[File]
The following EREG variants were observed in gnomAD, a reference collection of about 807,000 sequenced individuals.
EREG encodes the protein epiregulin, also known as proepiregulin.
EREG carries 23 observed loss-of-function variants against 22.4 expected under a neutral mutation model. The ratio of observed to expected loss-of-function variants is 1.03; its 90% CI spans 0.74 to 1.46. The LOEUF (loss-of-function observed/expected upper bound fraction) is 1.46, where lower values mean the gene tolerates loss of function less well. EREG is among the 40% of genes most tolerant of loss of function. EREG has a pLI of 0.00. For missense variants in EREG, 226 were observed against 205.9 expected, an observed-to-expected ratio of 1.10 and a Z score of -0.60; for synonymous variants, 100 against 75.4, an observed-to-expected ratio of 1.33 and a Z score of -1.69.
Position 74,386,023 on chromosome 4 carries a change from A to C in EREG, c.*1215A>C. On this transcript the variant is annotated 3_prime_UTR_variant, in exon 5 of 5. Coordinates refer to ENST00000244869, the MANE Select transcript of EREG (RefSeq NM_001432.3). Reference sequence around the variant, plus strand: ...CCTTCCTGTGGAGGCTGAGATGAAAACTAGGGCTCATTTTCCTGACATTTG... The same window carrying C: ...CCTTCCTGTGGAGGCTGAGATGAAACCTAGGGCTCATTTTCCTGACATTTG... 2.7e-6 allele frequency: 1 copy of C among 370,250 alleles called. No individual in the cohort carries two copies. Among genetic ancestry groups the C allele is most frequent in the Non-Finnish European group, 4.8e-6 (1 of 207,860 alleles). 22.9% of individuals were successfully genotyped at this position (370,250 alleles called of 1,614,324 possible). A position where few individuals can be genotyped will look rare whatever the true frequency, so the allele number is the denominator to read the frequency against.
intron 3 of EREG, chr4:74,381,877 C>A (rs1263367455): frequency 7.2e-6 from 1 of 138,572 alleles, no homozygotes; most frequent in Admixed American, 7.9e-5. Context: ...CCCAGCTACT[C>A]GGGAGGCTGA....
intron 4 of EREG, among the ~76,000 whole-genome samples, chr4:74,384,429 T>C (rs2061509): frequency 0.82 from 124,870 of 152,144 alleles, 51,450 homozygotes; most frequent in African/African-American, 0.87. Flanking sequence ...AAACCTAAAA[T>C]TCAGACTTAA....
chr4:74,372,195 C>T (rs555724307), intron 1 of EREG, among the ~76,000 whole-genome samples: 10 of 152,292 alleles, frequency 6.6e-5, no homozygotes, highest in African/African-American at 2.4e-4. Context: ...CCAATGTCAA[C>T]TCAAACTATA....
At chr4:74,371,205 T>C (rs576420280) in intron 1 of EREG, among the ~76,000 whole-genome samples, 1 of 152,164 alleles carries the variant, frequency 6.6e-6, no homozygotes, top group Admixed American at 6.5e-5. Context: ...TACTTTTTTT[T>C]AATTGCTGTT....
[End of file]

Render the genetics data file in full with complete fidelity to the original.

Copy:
The following EREG variants were observed in gnomAD, a reference collection of about 807,000 sequenced individuals.
EREG encodes the protein epiregulin, also known as proepiregulin.
EREG carries 23 observed loss-of-function variants against 22.4 expected under a neutral mutation model. The ratio of observed to expected loss-of-function variants is 1.03; its 90% CI spans 0.74 to 1.46. The LOEUF (loss-of-function observed/expected upper bound fraction) is 1.46, where lower values mean the gene tolerates loss of function less well. EREG is among the 40% of genes most tolerant of loss of function. EREG has a pLI of 0.00. For missense variants in EREG, 226 were observed against 205.9 expected, an observed-to-expected ratio of 1.10 and a Z score of -0.60; for synonymous variants, 100 against 75.4, an observed-to-expected ratio of 1.33 and a Z score of -1.69.
Position 74,386,023 on chromosome 4 carries a change from A to C in EREG, c.*1215A>C. On this transcript the variant is annotated 3_prime_UTR_variant, in exon 5 of 5. Coordinates refer to ENST00000244869, the MANE Select transcript of EREG (RefSeq NM_001432.3). Reference sequence around the variant, plus strand: ...CCTTCCTGTGGAGGCTGAGATGAAAACTAGGGCTCATTTTCCTGACATTTG... The same window carrying C: ...CCTTCCTGTGGAGGCTGAGATGAAACCTAGGGCTCATTTTCCTGACATTTG... 2.7e-6 allele frequency: 1 copy of C among 370,250 alleles called. No individual in the cohort carries two copies. Among genetic ancestry groups the C allele is most frequent in the Non-Finnish European group, 4.8e-6 (1 of 207,860 alleles). 22.9% of individuals were successfully genotyped at this position (370,250 alleles called of 1,614,324 possible). A position where few individuals can be genotyped will look rare whatever the true frequency, so the allele number is the denominator to read the frequency against.
intron 3 of EREG, chr4:74,381,877 C>A (rs1263367455): frequency 7.2e-6 from 1 of 138,572 alleles, no homozygotes; most frequent in Admixed American, 7.9e-5. Context: ...CCCAGCTACT[C>A]GGGAGGCTGA....
intron 4 of EREG, among the ~76,000 whole-genome samples, chr4:74,384,429 T>C (rs2061509): frequency 0.82 from 124,870 of 152,144 alleles, 51,450 homozygotes; most frequent in African/African-American, 0.87. Flanking sequence ...AAACCTAAAA[T>C]TCAGACTTAA....
chr4:74,372,195 C>T (rs555724307), intron 1 of EREG, among the ~76,000 whole-genome samples: 10 of 152,292 alleles, frequency 6.6e-5, no homozygotes, highest in African/African-American at 2.4e-4. Context: ...CCAATGTCAA[C>T]TCAAACTATA....
At chr4:74,371,205 T>C (rs576420280) in intron 1 of EREG, among the ~76,000 whole-genome samples, 1 of 152,164 alleles carries the variant, frequency 6.6e-6, no homozygotes, top group Admixed American at 6.5e-5. Context: ...TACTTTTTTT[T>C]AATTGCTGTT....